Major NATO Exercise With Sweden Highlights Ability to Deter Russian Aggression

COMMENTARY Europe

Major NATO Exercise With Sweden Highlights Ability to Deter Russian Aggression

Nov 3rd, 2017 3 min read
COMMENTARY BY
James Di Pane

Research Assistant, Center for National Defense

James is a research assistant in Heritage's Center for National Defense.
Aurora 17 was the largest defense exercise of its kind for Sweden since the end of the Cold War. WIXTRÖM JIMMY/ZUMA Press/Newscom

Key Takeaways

One of the highlights of the exercise involved Swedish air defense training against AH-64 Apache attack helicopters with both daytime and nighttime operations.

Exercises are a key means of building relations with foreign militaries through military-to-military contact, improving interoperability between forces.

Sweden and Finland are important partners for the U.S. and NATO, and would play a vital role in any military defense of the Baltic states, NATO allies.

Sweden, a country with a close defense relationship with the U.S. and NATO, hosted its largest military exercise in 23 years this September as a demonstration of deterrence against Russian aggression.

U.S. forces played an important role and in doing so helped to strengthen the U.S. military position in Europe.

Exercises are a key means of building relations with foreign militaries through military-to-military contact, increasing their capacity, and improving interoperability between forces. They can also serve to highlight capabilities to deter potential adversaries or reassure allies.

The exercise, named “Aurora 17,” simulated Sweden’s ability to defend its own territory from attack. One of the key features of this exercise was an attack on its Gotland Island in the Baltic Sea—but the exercise went far beyond that with air, land, and sea combat simulating a broader attack on Sweden.

Roughly 19,000 Swedish personnel from various sectors of the government participated, along with personnel from Denmark, Estonia, Finland, France, Lithuania, and Norway. This total defense exercise was the largest of its kind for Sweden since the end of the Cold War.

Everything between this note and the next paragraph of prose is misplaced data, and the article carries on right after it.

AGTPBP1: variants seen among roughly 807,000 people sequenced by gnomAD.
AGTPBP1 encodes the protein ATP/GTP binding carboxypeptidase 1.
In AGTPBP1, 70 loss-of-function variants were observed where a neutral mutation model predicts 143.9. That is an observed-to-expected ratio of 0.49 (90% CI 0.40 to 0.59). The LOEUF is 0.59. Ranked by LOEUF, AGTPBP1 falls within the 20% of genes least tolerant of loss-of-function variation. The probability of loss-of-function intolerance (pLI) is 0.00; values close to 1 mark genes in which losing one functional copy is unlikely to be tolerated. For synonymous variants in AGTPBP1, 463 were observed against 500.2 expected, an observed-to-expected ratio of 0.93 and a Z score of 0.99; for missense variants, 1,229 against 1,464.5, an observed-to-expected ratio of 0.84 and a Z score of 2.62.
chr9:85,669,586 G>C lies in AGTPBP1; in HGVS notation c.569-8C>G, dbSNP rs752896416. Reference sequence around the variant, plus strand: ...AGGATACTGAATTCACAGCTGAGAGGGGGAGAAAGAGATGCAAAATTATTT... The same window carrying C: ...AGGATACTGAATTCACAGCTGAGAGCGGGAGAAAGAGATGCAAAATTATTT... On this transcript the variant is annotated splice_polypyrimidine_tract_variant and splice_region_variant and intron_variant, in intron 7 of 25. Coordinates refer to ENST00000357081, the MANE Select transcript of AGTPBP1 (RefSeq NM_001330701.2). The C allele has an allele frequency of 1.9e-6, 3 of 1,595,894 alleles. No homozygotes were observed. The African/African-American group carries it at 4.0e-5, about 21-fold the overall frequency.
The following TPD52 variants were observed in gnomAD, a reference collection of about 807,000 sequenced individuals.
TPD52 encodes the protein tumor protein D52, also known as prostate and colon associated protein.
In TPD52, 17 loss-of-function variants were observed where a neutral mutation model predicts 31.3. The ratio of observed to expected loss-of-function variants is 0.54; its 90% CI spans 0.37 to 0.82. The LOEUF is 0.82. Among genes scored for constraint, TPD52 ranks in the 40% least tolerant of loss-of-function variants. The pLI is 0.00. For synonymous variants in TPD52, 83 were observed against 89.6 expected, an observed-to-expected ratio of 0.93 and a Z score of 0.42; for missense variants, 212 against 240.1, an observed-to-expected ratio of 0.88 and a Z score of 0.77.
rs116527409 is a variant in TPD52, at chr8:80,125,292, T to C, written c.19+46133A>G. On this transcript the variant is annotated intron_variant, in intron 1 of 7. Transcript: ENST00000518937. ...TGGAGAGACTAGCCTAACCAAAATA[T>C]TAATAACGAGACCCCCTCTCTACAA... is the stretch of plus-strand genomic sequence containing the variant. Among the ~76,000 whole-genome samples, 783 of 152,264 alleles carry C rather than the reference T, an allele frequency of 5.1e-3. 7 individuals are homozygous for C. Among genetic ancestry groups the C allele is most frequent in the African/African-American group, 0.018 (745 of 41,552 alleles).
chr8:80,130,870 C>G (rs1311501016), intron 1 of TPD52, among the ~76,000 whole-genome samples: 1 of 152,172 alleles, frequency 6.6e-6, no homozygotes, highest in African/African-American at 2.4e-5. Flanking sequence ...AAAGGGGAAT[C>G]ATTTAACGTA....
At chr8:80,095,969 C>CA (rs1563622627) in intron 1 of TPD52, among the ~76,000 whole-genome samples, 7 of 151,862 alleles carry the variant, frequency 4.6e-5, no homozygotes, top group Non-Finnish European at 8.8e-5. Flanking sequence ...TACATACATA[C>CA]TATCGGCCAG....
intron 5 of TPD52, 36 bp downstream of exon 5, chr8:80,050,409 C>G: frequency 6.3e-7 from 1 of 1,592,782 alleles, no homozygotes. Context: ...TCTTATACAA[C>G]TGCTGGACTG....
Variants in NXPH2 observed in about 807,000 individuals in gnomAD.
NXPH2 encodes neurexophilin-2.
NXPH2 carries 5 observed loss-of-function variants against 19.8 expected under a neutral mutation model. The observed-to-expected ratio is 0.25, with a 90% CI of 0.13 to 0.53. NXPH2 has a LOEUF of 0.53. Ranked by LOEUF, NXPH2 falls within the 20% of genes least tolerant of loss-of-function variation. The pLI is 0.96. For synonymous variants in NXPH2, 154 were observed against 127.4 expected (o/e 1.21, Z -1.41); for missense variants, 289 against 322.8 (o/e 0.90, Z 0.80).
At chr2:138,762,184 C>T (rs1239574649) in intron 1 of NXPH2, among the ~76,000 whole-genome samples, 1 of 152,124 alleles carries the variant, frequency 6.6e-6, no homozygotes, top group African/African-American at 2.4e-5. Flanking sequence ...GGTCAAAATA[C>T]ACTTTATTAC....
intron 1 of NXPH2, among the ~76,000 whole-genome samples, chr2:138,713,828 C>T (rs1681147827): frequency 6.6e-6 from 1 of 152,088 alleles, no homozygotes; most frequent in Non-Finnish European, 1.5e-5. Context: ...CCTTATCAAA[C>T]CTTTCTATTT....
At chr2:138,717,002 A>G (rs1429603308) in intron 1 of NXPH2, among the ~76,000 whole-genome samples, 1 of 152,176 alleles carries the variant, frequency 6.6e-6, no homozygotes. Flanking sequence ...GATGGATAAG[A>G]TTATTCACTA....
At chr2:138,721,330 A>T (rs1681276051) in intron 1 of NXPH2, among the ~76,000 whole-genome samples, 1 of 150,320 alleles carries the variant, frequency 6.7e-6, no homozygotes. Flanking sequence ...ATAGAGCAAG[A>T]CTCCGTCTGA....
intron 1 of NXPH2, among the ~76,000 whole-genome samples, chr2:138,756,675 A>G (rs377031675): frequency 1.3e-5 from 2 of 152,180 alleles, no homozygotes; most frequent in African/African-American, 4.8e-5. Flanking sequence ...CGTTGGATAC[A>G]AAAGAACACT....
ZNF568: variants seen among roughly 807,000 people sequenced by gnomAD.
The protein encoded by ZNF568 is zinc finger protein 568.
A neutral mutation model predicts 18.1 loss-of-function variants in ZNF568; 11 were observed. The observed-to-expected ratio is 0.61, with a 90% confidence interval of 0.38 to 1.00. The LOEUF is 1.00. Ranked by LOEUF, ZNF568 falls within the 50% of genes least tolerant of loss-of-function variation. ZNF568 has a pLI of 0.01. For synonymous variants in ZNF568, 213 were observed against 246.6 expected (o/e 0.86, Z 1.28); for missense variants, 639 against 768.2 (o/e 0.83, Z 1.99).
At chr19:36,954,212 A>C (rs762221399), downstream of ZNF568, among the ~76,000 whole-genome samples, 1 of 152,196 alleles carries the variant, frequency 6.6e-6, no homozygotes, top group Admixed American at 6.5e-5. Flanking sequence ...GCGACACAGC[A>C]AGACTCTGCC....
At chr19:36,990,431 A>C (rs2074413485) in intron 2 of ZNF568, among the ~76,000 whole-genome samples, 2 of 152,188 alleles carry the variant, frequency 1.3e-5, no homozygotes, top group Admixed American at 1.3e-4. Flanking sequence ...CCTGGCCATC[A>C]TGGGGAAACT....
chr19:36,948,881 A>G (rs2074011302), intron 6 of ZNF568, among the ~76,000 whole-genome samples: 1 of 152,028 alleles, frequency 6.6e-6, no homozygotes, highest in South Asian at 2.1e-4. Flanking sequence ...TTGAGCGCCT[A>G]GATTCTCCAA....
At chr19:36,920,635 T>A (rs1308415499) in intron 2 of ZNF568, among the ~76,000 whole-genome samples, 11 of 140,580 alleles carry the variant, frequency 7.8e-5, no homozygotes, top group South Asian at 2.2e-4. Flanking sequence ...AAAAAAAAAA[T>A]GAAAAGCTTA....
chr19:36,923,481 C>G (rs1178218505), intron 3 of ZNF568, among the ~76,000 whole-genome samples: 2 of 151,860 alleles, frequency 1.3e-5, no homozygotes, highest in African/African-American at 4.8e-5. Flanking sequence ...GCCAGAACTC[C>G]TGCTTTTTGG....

It also involved 1,300 U.S. military personnel from the Army, Marines, and Navy. U.S. forces operated with Swedish forces, practicing defensive and offensive operations, including airborne operations and amphibious assault.

One of the highlights of the exercise involved Swedish air defense training against AH-64 Apache attack helicopters with both daytime and nighttime operations, a key opportunity for both forces to improve their tactics.

The Swedish forces got the unique chance to train against very sophisticated attack helicopters, while in turn, the American Apache pilots got to practice against different systems that were able to challenge them tactically in some instances.

Maj. Romanowski of the American 12th Combat Aviation Brigade summed up the benefits to the U.S. side:

First of all, it’s important for us to practice the logistics that come with moving the unit from one country to another. Secondly, we’re able to exercise against systems that we don’t normally encounter and, not least, we get knowledge of how the Swedish armed forces and its various parts operate, which is so important if we ever find ourselves collaborating in another context.

Remarking on the exercise, Gen. Curtis M. Scaparrotti, the commander of U.S. European Command, said, “The interoperability and cooperation of Sweden and the United States remains vital.”

As Heritage Foundation foreign policy experts Luke Coffey and Daniel Kochis have argued, Sweden and Finland are important partners for the U.S. and NATO, and would play a vital role in any military defense of the Baltic states, a group of small NATO countries bordering Russia.

However, since Sweden is not an official part of NATO, but only a partner, its cooperation is not guaranteed. Without Sweden’s participation, America’s ability to defend its NATO allies in the northern part of Europe would be much more challenging.

As The Heritage Foundation’s Index of U.S. Military Strength points out, Russia has shown a willingness to redraw borders with force through a combination of conventional and unconventional means.

Strengthening relationships with and improving the capabilities of America’s NATO allies, whether through encouraging more defense spending or exercises, are important for improving the ability of the alliance to deter aggression.

However, strengthening the defense relationship with non-NATO Sweden, and improving its ability to defend its own borders, is just as important as strengthening the NATO alliance.

Reducing Moscow’s ability to intimidate Sweden by enabling it to defend itself and work with U.S. forces on a larger scale provides a wide range of benefits to American interests.

For that reason, continuing to prioritize U.S. participation in exercises like Aurora 17 with key partners, and approving the Pentagon’s request for funding for Combatant Command Exercise and Engagement and Training Transformation (which is the account that funds these important activities for $550.5 million for 2018) will go a long way toward deterring potential adversaries and protecting the U.S. and its allies.